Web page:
Production Show Performance
Life Behind The Scenes
The first thing that your counselors tell you in that introductory assembly in high school is “Get involved in anything!” I never really paid much attention, being too excited with actually being in a high school to soak in the words of someone I didn't know, but subconsciously I took it to heart when I signed up for the Drama Club. And I can't imagine my life any different.
Being involved in Drama is an experience that has transformed me, in ways that will serve me the rest of my life. I can now recite entire scripts off the top of my head, know the voltage required of a 36 Lycos light and hang a thirty pound light up a seven meter ladder with ease!
I joined the Drama Club in ninth grade, not quite sure what it was all about, but interested and eager to learn. Junior members are assigned small roles, and I was publicity crew for my first production. In essence, I had to convince people to attend the show, sell and collect tickets, and make the posters. That was fine, but opening night, when the curtains opened and I saw the performance, I knew what I wanted. I wanted to be in the play, not selling tickets, I knew I should be on stage, saying those lines and dying tragic yet dramatic deaths.
The next year I got my wish. I was cast in multiple roles in our production of Arrivals and Departures, a Canadian comedy, showing how people's lives can collide, when they are delayed in an airport. My main role was that of a boyfriend (a married man), who is called by his mistress who tries to convince him to leave his wife. This was a bit awkward for me because my girlfriend was sitting in the third row, and also because it was my first time on stage. To make matters worse I had a fifteen minute monologue! With no one else on stage! I didn't think I could do it, with two hundred people watching! What if I forgot my lines? But when the moment came, I did it-and it was exhilarating!! The opening night was like nothing I had ever experienced before, silence of the theater, the blinding lights and the roar of the audience as the lights came down. It was an amazing experience. After our production run was over, I just couldn't wait for our next production. It was an addiction for me.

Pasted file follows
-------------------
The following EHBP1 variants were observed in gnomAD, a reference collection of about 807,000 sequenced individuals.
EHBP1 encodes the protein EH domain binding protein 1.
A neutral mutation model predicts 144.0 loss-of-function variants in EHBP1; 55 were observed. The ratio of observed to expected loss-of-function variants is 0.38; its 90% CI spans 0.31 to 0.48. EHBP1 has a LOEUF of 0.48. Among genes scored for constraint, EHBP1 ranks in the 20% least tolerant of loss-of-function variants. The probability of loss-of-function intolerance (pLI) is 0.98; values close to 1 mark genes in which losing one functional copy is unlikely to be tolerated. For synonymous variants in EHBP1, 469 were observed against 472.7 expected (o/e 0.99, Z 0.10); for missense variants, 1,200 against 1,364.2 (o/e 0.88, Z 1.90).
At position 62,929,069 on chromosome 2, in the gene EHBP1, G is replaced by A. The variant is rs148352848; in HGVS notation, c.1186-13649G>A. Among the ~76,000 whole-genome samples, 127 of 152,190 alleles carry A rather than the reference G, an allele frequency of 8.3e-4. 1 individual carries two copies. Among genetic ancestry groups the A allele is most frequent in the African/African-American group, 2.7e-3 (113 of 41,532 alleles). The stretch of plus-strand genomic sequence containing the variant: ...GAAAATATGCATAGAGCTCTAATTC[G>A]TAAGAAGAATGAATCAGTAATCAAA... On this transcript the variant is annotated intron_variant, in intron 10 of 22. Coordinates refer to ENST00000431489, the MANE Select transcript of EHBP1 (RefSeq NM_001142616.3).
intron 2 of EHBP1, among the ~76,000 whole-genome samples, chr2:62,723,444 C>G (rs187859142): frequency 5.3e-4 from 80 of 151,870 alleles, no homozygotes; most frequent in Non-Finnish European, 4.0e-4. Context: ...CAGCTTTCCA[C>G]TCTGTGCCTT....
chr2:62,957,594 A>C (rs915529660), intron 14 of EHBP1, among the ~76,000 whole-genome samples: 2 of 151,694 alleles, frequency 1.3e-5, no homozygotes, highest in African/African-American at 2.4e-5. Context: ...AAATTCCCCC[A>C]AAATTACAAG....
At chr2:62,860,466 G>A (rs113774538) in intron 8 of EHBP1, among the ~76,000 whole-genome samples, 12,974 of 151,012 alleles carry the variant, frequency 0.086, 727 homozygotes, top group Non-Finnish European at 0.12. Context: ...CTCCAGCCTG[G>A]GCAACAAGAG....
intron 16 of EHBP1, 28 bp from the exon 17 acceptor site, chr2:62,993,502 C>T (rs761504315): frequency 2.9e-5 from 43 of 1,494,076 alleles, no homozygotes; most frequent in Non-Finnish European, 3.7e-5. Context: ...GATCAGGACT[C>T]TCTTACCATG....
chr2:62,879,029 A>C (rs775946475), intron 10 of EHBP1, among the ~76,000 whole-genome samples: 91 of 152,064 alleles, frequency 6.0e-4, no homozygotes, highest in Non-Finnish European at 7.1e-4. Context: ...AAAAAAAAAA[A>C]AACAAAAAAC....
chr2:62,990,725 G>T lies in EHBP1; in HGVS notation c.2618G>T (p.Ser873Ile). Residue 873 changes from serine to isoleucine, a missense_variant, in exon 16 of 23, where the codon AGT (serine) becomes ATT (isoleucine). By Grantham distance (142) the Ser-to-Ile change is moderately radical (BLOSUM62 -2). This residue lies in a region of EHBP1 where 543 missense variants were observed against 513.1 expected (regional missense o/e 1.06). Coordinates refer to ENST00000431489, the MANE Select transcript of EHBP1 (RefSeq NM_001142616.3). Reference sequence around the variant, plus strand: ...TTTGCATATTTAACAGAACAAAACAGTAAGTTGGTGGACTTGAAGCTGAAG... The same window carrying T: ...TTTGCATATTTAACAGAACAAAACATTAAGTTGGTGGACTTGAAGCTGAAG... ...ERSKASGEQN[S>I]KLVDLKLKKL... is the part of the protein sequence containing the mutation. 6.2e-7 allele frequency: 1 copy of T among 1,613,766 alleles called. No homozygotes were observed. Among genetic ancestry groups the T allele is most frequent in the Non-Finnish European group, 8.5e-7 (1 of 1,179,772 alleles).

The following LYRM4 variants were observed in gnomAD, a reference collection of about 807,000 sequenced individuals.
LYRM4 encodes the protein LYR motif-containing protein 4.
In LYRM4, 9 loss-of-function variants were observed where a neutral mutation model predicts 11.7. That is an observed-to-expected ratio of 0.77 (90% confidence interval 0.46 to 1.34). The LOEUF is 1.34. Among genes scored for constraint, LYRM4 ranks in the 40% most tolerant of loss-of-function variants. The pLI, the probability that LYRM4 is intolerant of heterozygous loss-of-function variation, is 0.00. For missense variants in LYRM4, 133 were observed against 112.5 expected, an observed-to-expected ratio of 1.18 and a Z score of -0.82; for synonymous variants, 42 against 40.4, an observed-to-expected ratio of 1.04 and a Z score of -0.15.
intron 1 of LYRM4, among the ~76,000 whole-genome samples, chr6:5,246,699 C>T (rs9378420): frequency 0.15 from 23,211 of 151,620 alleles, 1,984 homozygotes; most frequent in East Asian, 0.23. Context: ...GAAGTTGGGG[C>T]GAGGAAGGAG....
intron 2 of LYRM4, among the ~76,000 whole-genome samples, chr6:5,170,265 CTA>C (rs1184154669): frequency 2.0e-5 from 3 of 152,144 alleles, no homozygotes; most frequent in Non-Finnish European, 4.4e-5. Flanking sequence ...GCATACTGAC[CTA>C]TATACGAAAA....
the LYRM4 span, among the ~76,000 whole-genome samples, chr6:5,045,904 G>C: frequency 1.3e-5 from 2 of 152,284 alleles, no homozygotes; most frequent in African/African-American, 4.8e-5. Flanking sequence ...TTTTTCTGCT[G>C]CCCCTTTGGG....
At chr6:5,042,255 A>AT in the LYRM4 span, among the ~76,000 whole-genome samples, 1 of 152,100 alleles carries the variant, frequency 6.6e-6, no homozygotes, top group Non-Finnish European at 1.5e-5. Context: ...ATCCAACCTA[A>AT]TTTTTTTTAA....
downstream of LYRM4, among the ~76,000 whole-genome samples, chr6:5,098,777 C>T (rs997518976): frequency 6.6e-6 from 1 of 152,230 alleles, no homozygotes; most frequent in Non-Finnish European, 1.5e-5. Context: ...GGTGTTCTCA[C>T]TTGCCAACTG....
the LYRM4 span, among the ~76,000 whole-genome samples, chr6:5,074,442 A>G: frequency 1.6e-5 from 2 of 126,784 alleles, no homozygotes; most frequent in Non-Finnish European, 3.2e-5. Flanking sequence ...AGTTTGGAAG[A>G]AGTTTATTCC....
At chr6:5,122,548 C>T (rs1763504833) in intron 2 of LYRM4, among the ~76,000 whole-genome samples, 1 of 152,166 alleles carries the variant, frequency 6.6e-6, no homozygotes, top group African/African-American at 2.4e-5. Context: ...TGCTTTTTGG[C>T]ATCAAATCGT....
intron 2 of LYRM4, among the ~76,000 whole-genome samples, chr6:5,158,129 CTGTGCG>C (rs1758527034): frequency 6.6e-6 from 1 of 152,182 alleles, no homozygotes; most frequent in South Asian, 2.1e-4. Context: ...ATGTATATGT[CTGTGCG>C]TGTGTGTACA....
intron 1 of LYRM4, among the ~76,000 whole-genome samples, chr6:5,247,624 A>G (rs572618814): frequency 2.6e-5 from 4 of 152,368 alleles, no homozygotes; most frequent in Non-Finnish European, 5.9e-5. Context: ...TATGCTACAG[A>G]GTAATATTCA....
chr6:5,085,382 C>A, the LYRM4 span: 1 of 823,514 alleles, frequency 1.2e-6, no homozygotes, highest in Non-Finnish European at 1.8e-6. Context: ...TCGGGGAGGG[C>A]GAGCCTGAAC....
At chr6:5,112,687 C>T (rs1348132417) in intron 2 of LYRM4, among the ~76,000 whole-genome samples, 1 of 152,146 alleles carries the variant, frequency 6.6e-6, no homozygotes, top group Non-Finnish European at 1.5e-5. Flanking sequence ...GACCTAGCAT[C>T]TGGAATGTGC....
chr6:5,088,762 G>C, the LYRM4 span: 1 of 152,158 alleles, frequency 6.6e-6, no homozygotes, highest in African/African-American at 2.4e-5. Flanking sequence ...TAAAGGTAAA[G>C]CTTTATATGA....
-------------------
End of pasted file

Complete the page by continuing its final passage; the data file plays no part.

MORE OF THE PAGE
The next show we ran was the Canterbury Tales, another show in which I had multiple roles. It was such a challenge, trying to distinguish one character from another, giving each his/her own personality, and little quirks that made each character come alive on stage. This was the production with the biggest cast we'd ever had. There were over 20 actors, and we never left the stage! Being with all those other people on stage, just feeding off one another's energy, was a totally different experience. It was also a challenge, with so many characters on stage, trying to make yours stand out without upstaging or overshadowing the other actors. This was a show to be remembered, and once again I felt the surge of adrenaline as the lights came up, but as with all shows, the run must end at some point.